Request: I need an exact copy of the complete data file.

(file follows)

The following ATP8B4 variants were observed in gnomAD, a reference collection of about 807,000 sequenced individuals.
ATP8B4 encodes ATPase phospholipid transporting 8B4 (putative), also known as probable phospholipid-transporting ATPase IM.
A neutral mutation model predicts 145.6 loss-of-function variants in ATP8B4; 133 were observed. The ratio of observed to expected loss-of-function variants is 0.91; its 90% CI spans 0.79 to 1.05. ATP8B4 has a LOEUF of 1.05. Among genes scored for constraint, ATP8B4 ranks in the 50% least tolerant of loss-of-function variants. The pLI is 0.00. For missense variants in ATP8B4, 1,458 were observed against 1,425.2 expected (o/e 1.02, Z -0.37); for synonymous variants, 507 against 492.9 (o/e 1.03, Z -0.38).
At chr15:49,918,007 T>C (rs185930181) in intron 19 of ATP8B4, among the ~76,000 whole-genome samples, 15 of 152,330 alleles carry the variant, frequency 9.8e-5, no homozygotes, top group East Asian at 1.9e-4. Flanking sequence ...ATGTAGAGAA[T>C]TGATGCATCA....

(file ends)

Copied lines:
The following ATP8B4 variants were observed in gnomAD, a reference collection of about 807,000 sequenced individuals.
ATP8B4 encodes ATPase phospholipid transporting 8B4 (putative), also known as probable phospholipid-transporting ATPase IM.
A neutral mutation model predicts 145.6 loss-of-function variants in ATP8B4; 133 were observed. The ratio of observed to expected loss-of-function variants is 0.91; its 90% CI spans 0.79 to 1.05. ATP8B4 has a LOEUF of 1.05. Among genes scored for constraint, ATP8B4 ranks in the 50% least tolerant of loss-of-function variants. The pLI is 0.00. For missense variants in ATP8B4, 1,458 were observed against 1,425.2 expected (o/e 1.02, Z -0.37); for synonymous variants, 507 against 492.9 (o/e 1.03, Z -0.38).
At chr15:49,918,007 T>C (rs185930181) in intron 19 of ATP8B4, among the ~76,000 whole-genome samples, 15 of 152,330 alleles carry the variant, frequency 9.8e-5, no homozygotes, top group East Asian at 1.9e-4. Flanking sequence ...ATGTAGAGAA[T>C]TGATGCATCA....